Merit scholarship or ROTC?

Discussion in 'ROTC' started by mgguy, Nov 29, 2011.

  1. mgguy

    mgguy Member

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    After reading the posts the last few months about all the downsizing, I was/am wondering if DS will even get a offer in Jan. Now reading all the ways he could lose a ROTC scholarship, I have to question if it is worth it to give up the numerous merit scholarship offers DS has received to take a ROTC one. It appears to me that the merit scholarship for 4 years is a “safer” way to go money-wise and join the ROTC as a non-scholarship cadet. What is your guys advice?
     
  2. Pima

    Pima Parent

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    Merit scholarships from a college that accept ROTC scholarships have no impact, merit is merit and it is not take ROTC or Merit. The college will accept both.

    ROTC is traditionally called 4 and out the door. In other words after graduation they serve 4 yrs AD.

    If they are accepting an ROTC scholarship for money to pay for college, as a parent I would have a deep discussion with them. How much is a 1 yr remote tour to Korea worth compared to a student loan and no remote?

    Please understand AF/NROTC have that make or break for cadets/mids as sophs in college. I believe AROTC does not have that issue.
     
  3. USMCGrunt

    USMCGrunt Member

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    mgguy: The answer to your question probably has to do with the ultimate goal.

    If a funded college education is the goal, then I think Merit scholarships carry less risk (typically a certain level GPA). If becoming a military officer is the goal, then a ROTC scholarship might be less risky (higher chance of getting a commission).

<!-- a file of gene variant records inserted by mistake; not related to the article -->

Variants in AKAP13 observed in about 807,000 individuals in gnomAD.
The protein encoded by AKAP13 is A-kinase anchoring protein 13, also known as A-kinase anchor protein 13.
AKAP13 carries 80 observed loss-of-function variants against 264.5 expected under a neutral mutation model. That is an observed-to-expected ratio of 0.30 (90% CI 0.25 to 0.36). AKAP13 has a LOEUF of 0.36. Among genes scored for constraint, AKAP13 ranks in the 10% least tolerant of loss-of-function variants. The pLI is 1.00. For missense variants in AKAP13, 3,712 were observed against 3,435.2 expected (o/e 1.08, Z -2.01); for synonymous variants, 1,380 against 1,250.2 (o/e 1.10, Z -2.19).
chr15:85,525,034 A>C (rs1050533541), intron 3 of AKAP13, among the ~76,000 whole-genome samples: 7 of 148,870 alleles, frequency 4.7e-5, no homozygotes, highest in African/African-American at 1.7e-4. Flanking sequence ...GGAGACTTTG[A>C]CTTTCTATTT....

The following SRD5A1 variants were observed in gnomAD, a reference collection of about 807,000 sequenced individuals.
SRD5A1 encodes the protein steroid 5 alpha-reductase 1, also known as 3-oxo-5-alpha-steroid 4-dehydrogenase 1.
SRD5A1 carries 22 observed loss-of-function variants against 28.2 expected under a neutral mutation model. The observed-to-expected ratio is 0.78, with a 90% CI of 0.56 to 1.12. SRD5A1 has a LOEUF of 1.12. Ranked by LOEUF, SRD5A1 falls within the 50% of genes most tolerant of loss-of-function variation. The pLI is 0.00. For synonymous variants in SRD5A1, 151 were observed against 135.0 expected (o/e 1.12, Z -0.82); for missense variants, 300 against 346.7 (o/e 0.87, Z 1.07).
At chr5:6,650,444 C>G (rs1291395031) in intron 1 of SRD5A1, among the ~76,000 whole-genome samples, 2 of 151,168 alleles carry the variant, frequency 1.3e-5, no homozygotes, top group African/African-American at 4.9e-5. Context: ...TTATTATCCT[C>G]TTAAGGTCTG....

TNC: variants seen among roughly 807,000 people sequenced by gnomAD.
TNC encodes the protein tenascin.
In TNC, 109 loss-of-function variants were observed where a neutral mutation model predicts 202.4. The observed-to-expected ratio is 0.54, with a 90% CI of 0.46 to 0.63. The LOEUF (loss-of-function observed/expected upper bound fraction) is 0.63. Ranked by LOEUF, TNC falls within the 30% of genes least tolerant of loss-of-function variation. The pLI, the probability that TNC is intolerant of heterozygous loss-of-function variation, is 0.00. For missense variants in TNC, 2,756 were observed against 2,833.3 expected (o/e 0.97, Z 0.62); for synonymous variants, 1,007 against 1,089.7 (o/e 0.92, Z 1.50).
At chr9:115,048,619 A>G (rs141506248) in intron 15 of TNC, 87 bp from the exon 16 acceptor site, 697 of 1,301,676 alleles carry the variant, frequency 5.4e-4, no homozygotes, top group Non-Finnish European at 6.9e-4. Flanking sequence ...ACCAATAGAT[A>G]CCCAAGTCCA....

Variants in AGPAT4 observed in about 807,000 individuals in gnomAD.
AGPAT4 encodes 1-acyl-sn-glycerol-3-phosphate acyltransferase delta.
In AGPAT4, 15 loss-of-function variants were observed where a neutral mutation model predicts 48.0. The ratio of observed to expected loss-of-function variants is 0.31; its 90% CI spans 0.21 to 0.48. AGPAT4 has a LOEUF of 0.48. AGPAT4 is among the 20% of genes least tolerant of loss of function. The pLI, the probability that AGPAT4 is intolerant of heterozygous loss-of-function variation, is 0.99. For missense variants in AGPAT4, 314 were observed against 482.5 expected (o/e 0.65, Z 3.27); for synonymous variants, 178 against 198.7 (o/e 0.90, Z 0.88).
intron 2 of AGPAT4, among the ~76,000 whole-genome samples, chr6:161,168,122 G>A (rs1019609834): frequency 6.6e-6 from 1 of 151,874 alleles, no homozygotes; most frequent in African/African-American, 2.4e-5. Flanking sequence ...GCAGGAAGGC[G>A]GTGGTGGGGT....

There is risk in both paths.
     
  4. mgguy

    mgguy Member

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    He wants to serve, if he were to be told to "go to Korea" his bags would be packed. The question was more, if he turns down a merit scholarship and accepts a ROTC scholarship to the same school but then somehow loses the ROTC scholarship-he would have no scholarship? It seems accepting the merit schoarship would be better or am I missing something?
     
  5. Pima

    Pima Parent

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    He doesn't have to turn down merit if the school offers ROTC. Our DS has merit from the school and ROTC scholarship.

    It is not one or the other, you can have both.
     
  6. kinnem

    kinnem Moderator

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    Oops! Cross posted with Pima!

    Is there some reason that both cannot be accepted, even though perhaps only one can be applied at any given time? (maybe each covers only tuition and since tuition is paid for....?) If so, then it would seem that the other one would be available to fall back on.

    BTW, if he is focused on his academics and ROTC then I wouldn't expect him to lose his scholarship. The folks I know who didn't SFT were not doing well academically or physically. (Not to say there aren't those who try like hell but can't make the grade... but I want to believe they're few are far between).

    In any case there is NO magic to accepting the ROTC scholarship in terms of commisioning via ROTC.

    There is no doubt in my mind that my freshman DS will commision with or without a scholarship, unless something extremely untoward happens to him. He's clearly determined and I've never seen him work so hard. My only concern is that he has established such a high base/expectation level for himself I sometimes wonder if he can keep it up... but that's just a Dad's worrying. He'll be fine.